Life has been relentless recently, but that doesn’t mean I’ve dropped the project.

In fact, I managed to get through a fairly important milestone: I’ve finished going through my list of planned verifications and corrections (what I call my search-and-destroy list.) Those were all the small, but noticeable issues I found while doing my second revision.

For example, I probably tend to probably use “probably” and other adverbs probably too often, probably. So I searched my entire manuscript for every instance of “ly”, and made sure to cut that down to a more reasonable ratio.

You’d be surprised how many small, relatively easy-to-correct issues like that cropped up. Clever constructions that I use more than once, metaphors and similes that are maybe too similar to once another… and of course, even more adverbs, probably.

You would also be surprised at how incredibly annoying fixing that can be. So getting that task out of the way is a pretty great step for me. Now I just have to:

  1. Finish my last reading-and-correct (I’m about 40% through);
  2. Run the autocorrect through my text, just in case;
  3. Touch up my presentation a bit – it’d be stupid to get rejected for purely cosmetic issues;
  4. Write and send my queries.

Can that be done in time to start a new manuscript during NaNoWriMo? We’ll see!

The Evolution of a Writer

Let’s take a quick break from whining about editing and look at writing instead. Specifically, I want to suggest a fun little exercise – one that I find both very informative and a great source of motivation when I don’t feel so gung-ho about my chances to make it as an author.

Take one of your favorite authors. Ideally, you want one who has written lots of books in a similar style.

Then read and compare his latest (and/or best-written book, if one qualifies) with the first book he or she wrote. Try and spot the differences in style, the weaker sections, and so on.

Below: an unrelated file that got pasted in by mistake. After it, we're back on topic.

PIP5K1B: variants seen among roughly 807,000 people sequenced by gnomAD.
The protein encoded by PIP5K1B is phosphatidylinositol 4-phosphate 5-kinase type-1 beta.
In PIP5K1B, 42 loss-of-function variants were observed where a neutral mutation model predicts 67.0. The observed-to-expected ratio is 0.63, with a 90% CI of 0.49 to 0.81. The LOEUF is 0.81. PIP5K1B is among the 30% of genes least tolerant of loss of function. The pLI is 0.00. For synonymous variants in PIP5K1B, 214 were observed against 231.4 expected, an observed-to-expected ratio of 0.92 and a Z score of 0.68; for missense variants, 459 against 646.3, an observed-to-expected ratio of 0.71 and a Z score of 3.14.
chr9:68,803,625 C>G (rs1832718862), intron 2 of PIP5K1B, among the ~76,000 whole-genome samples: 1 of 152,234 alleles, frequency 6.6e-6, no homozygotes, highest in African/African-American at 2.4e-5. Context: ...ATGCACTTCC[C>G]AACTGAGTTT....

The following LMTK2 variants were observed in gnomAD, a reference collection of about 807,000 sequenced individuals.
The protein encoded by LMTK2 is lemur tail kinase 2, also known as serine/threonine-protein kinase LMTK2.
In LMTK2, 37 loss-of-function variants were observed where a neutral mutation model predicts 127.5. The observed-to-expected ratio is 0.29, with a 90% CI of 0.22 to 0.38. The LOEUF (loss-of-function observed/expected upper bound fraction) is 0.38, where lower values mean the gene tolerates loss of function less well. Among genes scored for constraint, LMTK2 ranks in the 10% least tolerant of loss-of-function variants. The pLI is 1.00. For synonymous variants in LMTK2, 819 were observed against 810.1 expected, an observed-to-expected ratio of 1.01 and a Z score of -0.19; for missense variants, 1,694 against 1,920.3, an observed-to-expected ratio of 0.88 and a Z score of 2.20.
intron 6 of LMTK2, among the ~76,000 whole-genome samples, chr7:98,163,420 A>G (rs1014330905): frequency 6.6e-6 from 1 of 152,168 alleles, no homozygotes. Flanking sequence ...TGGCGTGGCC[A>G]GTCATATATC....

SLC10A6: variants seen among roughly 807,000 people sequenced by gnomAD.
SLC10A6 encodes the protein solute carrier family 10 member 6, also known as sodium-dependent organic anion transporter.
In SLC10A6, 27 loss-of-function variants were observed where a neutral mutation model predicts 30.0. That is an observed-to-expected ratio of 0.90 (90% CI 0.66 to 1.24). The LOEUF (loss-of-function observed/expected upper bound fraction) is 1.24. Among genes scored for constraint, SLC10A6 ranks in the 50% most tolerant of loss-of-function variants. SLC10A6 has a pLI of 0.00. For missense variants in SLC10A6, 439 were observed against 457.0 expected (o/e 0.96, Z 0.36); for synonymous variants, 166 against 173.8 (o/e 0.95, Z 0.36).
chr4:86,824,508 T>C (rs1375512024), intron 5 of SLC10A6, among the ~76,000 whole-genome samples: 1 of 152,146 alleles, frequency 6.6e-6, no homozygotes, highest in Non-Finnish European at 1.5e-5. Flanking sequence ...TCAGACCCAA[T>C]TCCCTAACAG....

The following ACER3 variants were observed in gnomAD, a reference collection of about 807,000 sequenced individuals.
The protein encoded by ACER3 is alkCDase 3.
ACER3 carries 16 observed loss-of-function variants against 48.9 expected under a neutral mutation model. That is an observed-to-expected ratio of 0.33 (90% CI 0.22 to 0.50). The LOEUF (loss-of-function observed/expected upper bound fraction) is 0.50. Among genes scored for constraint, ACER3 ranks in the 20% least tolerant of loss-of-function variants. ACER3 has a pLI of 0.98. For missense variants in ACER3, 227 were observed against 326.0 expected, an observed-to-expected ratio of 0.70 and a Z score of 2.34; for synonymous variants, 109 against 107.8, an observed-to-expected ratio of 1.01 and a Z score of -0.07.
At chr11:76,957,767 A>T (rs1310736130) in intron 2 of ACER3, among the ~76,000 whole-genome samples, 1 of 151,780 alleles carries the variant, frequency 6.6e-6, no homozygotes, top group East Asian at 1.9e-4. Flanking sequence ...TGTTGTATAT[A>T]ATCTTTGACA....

It’s surprising how amateurish some very-well received books look under that lense.

When I did that exercise the first time, it was with Jim Butcher’s Cold Days and his first Dresden short story, The Restoration of Faith. Now, that’s cheating a bit, because Restoration was only published several years later as part of an omnibus (and, as Butcher himself explains in his foreword to that particular story, it really was a first-try effort that “wasn’t ready for the commercial market.”)

But even if you compare, say, Storm Front (the first published Dresden Files book) to the later novels of the series, the evolution of Jim Butcher’s skills as a writer is obvious.

The point of the exercise is to realize that:

  1. Yes, practice does make you better. You’ll see it when going from the shitty first draft to the readable second draft, and you’ll see improvement from your first published novel to your last.
  2. Even the best authors started out as “merely okay” authors. Sure, they had good stories, and a certain level of writing skills, but they were probably not as good as you recall through the rose-tinted glasses of nostalgia.

On Screens, Hardcopy and E-readers

I love my Kindle. As an avid reader, having access to an entire library with me when I’m on the bus, on a plane or on vacation is a godsend.

But lately, I’ve fallen in love with how it gives me a new perspective when re-reading my manuscript.

Obviously, most of my revision work has been done directly on my laptop screen. It’s where I work, there’re those handy red squiggly lines to let me know about typos, there’s a thesaurus (and Google) right in the next window over…